Female friendships portrayed on television are nothing new. I grew up watching Kimberly and Trini on Power Rangers to Phoebe, Rachel, and Monica on Friends. They embodied a friendship I wished to have when I eventually grew up. But with the struggle of many shows even meeting the Bechdel test, female friendships haven’t always been at the forefront of storytelling. Lately, however, there’s been much more focus on positive female friendships as seen on HBO’s Insecure or Freeform’s The Bold Type! Maybe it’s because of my age or maybe it’s because I grew up watching so many disgruntled teen angst shows, but when I see these type of friendships on television, it makes me so happy with how shows are being written today.
If you skim through at least one episode of either of the shows previously mentioned, you start to realize you can actually see yourself in their positions. The friendships portrayed on television now don’t seem completely fake. It feels more like certain characters are right there in your living room talking straight to you. That’s because the scenarios between these friendships are something real, something you can connect with. It’s exactly how you would deal with real-life situations: call your BFF, rant, drink wine, do completely random things together, call each other out on your BS, etc.
The best thing of all? Majority TV friendships no longer pit women against each other, but rather help build character in one another. This is no longer Gossip Girl living on the Upper Eastside. As much as we all love to live in that glamorous lifestyle, that life is fictional and so are storylines where women go behind one another’s back every other episode. It makes for great TV but realistically, those situations may not happen as often in the lives of the audience.
I want to see episodes where I’m clapping along like, “Yes! That’s exactly what I would do with my friend. Call her out when she’s messing up!” In the season finale of Insecure, and throughout the whole series, Issa and Molly on Insecure have been my OTPB = One True Pairing of Besties. They have their fights, their moments when they need some real advice, or moments where you just need someone by your side when you’re about to do something stupid. The first time I heard Issa call Molly “Biiiiiiitch!” in a supportive way, not the cat-fighting way, I felt that. It was as natural as me saying the same thing to my friend. It was relatable. And on The Bold Type, Jane, Sutton, and Kat always went to each other for support and, even though they don’t always agree, they are always there for each other regardless.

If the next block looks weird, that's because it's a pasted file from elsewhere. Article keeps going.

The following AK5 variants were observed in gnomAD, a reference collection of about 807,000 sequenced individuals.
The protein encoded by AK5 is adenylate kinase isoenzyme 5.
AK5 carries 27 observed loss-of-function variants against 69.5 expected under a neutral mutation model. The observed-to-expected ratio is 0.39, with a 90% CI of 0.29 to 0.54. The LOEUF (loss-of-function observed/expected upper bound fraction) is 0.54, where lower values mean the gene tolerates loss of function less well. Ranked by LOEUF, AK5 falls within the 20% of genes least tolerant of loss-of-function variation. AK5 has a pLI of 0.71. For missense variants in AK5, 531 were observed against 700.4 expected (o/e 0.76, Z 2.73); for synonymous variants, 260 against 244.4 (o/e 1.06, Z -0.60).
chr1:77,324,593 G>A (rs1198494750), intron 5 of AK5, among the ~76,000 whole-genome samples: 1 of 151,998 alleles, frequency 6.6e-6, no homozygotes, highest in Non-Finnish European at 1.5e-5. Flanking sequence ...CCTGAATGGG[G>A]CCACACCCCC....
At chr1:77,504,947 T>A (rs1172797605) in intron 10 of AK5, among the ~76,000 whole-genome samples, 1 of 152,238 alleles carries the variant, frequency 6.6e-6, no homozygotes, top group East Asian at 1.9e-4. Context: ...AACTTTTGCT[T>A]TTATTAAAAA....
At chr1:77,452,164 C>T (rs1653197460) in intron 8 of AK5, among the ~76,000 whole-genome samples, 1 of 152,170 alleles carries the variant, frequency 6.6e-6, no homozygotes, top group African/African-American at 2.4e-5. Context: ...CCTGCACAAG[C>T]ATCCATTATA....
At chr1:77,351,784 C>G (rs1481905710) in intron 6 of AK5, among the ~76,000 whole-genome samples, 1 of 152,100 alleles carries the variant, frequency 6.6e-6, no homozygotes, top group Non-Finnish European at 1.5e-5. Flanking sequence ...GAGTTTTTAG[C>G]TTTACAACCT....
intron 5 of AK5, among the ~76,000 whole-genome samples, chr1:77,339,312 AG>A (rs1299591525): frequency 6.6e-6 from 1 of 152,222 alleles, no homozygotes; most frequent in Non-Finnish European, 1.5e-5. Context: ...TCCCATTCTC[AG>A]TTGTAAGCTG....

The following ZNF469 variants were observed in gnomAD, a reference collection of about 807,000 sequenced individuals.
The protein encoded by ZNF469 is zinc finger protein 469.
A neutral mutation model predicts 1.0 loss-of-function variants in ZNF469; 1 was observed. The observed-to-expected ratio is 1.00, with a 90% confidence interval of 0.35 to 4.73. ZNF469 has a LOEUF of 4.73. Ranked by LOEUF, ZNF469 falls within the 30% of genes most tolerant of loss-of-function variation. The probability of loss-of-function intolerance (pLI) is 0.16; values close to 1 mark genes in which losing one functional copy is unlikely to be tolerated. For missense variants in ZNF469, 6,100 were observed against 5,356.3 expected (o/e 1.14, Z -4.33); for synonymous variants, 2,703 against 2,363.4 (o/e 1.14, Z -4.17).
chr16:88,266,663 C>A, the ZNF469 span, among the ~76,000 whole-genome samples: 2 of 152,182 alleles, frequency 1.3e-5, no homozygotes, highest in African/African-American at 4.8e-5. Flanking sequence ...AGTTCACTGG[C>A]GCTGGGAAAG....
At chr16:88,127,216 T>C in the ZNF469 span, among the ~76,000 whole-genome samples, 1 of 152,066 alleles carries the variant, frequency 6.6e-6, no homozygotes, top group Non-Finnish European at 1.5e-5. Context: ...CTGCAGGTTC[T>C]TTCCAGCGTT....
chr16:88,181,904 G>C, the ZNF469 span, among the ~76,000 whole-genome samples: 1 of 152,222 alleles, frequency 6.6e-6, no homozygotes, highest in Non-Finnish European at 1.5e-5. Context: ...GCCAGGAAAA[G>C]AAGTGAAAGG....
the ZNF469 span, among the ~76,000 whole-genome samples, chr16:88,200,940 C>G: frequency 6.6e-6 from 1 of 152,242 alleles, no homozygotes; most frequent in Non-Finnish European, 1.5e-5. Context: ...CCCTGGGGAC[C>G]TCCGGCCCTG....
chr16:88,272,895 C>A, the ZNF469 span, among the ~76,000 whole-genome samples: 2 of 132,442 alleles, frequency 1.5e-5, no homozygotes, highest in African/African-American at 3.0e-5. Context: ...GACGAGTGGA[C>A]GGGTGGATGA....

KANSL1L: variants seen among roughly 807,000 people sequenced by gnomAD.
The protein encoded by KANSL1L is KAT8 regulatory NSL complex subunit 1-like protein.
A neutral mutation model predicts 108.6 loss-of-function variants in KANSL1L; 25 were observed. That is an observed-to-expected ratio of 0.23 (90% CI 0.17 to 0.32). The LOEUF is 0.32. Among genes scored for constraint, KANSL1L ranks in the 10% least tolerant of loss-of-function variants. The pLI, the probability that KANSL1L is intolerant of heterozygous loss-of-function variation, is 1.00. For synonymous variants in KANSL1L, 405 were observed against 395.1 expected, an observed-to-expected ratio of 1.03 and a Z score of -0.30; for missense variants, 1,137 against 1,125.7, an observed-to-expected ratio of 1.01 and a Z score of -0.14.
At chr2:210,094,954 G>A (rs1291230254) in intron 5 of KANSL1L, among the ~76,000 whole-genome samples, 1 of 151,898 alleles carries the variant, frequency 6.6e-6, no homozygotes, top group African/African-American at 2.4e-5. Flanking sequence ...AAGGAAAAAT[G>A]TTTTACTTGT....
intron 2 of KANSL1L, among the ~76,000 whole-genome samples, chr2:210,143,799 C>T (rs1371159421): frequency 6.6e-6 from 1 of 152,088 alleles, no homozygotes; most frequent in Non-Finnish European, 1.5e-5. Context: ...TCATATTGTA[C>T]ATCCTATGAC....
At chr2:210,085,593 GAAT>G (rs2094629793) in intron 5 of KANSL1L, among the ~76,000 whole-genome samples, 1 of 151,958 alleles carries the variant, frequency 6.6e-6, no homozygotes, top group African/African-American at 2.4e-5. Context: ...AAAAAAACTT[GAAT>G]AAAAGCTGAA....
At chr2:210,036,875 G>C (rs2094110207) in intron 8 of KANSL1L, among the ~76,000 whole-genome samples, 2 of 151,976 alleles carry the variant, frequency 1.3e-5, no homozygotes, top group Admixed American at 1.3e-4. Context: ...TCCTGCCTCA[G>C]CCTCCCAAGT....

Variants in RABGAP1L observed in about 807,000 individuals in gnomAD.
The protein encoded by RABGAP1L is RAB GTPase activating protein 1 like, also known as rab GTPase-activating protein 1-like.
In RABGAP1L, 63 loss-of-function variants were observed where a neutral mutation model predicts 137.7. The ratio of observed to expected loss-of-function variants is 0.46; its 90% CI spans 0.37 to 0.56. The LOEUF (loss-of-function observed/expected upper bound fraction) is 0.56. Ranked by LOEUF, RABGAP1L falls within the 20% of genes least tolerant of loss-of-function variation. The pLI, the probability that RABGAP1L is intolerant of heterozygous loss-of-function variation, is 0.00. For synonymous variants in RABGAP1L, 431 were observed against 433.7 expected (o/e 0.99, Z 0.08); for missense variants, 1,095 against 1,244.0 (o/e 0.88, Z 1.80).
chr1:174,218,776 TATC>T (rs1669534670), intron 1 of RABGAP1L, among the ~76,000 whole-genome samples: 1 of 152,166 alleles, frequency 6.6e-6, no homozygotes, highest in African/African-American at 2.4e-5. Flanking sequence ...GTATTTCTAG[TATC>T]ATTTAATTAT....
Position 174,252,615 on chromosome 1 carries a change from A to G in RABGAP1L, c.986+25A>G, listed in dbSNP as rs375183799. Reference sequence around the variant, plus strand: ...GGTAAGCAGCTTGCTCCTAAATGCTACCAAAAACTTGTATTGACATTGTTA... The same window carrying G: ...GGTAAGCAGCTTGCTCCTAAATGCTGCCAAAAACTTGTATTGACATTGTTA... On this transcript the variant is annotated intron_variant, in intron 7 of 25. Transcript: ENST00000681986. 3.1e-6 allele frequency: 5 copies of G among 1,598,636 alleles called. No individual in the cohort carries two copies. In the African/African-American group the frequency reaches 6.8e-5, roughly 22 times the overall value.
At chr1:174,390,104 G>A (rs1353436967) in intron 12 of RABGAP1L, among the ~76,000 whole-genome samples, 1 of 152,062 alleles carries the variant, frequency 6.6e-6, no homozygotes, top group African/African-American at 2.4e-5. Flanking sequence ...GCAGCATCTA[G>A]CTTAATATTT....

I need to see women fighting to help each other, not getting into a fight because someone stole another’s man/woman. Again, these things can make a greatly dramatic storyline but they’re one and done. And to be quite frank, watching shows reinforcing positive relationships while growing up probably would have changed my perspective on the idea of fostering friendships with other girls.
I used to be terrified of approaching any girl when I was younger thinking it could go one way or another. I grew up on television and it reflected in my day-to-day life. There’s a new girl in school? Rumors already spread like wildfire. Ms. Popular? She sleeps with everyone. Let’s be honest, television shows paved the way for these stereotypes so I’m glad to see a steady shift towards a more positive direction.